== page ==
Of Ahaz — Which Ahaz had made in the king's palace. This dial he mentions, because the truth of the miracle might be best and soonest discovered there, this dial possibly being visible out of the king's chamber, and the degrees being most distinct and conspicuous in it.
 At that time Berodachbaladan, the son of Baladan, king of Babylon, sent letters and a present unto Hezekiah: for he had heard that Hezekiah had been sick.
Berodach-baladan — He seems to have been the king of Assyria's vice-roy in Babylon, and upon that terrible slaughter in the Assyrian host, and the death of Sennacherib, and the differences among his sons, to have usurped absolute sovereignty over Babylon. And either himself or his son destroyed the Assyrian monarchy, and translated the empire to Babylon.
Sent — Partly, for the reasons mentioned, 2 Chronicles 32:31, and partly, to assure himself of the assistance of Hezekiah against the Assyrians, their common enemy.
 And Hezekiah hearkened unto them, and shewed them all the house of his precious things, the silver, and the gold, and the spices, and the precious ointment, and all the house of his armour, and all that was found in his treasures: there was nothing in his house, nor in all his dominion, that Hezekiah shewed them not.
His treasures — For though his country had lately been harassed by the Assyrians, yet he had reserved all his treasures and precious things, which he and his fathers had gathered in Jerusalem. Besides, he had considerable spoils out of the Assyrian camp. Also he had many presents sent to him, 2 Chronicles 32:23.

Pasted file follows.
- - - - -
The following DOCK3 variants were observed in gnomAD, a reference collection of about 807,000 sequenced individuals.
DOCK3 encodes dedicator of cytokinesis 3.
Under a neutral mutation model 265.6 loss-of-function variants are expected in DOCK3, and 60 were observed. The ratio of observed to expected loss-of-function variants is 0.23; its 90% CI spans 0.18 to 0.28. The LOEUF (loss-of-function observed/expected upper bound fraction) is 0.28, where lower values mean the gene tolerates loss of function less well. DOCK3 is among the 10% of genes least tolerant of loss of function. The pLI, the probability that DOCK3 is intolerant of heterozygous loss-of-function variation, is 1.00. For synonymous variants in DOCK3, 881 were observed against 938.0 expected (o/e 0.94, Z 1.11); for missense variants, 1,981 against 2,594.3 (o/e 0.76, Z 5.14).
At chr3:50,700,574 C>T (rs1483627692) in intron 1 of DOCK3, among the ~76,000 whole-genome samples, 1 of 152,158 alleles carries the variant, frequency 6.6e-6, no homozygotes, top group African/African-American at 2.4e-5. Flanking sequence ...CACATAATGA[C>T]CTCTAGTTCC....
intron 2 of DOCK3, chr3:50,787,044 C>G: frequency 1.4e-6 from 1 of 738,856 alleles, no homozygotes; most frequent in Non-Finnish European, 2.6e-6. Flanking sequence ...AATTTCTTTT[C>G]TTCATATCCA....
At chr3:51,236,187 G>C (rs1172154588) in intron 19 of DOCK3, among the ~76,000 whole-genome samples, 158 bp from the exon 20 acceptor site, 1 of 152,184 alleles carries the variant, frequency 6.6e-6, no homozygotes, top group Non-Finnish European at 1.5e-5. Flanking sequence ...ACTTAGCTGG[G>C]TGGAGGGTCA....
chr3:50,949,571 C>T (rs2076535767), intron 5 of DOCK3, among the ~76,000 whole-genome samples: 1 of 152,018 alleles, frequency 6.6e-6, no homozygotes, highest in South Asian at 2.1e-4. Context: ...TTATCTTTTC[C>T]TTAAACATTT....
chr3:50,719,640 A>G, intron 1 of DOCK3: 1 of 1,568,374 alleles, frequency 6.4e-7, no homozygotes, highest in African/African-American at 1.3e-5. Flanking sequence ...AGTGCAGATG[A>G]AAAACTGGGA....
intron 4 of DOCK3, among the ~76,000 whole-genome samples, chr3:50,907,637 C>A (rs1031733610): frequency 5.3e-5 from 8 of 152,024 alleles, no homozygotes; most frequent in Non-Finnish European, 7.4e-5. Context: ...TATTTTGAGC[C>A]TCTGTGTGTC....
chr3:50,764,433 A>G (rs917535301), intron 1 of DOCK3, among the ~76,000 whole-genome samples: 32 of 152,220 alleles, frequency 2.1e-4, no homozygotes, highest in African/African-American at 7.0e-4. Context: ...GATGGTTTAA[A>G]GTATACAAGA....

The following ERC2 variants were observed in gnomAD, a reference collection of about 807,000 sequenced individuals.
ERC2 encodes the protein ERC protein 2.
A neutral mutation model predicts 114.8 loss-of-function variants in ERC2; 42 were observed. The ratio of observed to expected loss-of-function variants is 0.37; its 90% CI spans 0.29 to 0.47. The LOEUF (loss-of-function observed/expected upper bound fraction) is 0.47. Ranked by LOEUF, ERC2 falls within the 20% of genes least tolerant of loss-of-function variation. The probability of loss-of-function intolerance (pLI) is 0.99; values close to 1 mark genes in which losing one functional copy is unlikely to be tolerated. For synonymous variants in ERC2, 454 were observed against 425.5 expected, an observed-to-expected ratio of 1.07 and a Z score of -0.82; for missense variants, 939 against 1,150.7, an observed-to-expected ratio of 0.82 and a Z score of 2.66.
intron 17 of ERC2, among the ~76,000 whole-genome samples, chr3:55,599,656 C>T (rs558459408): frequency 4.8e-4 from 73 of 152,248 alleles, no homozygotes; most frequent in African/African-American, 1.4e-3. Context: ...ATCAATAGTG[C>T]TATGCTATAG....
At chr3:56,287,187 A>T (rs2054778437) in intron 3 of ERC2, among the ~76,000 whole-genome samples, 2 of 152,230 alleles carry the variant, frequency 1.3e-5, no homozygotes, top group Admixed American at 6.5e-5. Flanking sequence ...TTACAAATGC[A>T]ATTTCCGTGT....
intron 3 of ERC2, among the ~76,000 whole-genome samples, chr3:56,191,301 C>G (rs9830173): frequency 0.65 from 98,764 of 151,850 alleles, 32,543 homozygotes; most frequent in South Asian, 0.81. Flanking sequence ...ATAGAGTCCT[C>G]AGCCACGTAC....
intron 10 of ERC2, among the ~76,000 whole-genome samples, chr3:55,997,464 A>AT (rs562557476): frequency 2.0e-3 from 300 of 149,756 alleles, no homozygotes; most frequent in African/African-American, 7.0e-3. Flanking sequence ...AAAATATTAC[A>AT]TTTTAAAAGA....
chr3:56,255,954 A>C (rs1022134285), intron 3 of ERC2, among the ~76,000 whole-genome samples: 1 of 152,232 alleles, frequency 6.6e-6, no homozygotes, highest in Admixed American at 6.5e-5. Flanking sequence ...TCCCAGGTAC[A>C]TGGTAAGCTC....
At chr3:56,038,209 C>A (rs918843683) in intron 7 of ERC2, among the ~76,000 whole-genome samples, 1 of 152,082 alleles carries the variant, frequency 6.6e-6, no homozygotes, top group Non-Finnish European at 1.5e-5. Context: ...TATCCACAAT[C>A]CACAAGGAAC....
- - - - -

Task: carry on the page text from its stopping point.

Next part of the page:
Shewed — Which he did through pride of heart, 2 Chronicles 32:25,26, being lifted up by the great honour which God had done him, in working such glorious miracles for his sake, and by the great respects rendered to him from divers princes, and now by this great Babylonian monarch. So hard a matter is it even for a good man to be high and humble.
 Behold, the days come, that all that is in thine house, and that which thy fathers have laid up in store unto this day, shall be carried into Babylon: nothing shall be left, saith the LORD.
Behold — This judgment is denounced against him for his pride; for his ingratitude, whereby he took that honour to himself which he should have given entirely to God; and for his carnal confidence in that league which he had now made with the king of Babylon, by which, it is probable, he thought his mountain to be so strong, that it could not be removed.
 And of thy sons that shall issue from thee, which thou shalt beget, shall they take away; and they shall be eunuchs in the palace of the king of Babylon.
Thy sons — Of thy grand-children.
Eunuchs — They shall be servants to that heathen monarch, whereby both their bodies will be subject to slavery, and their souls exposed to the peril of idolatry, and all sorts of wickedness.
 Then said Hezekiah unto Isaiah, Good is the word of the LORD which thou hast spoken. And he said, Is it not good, if peace and truth be in my days?
Good is, … — I heartily submit to this sentence, as being both just, and merciful. True penitents, when they are under divine rebukes, call them not only just, but good. Not only submit to, but accept of the punishment of their iniquity. So Hezekiah did, and by this it appeared, he was indeed humbled for the pride of his heart.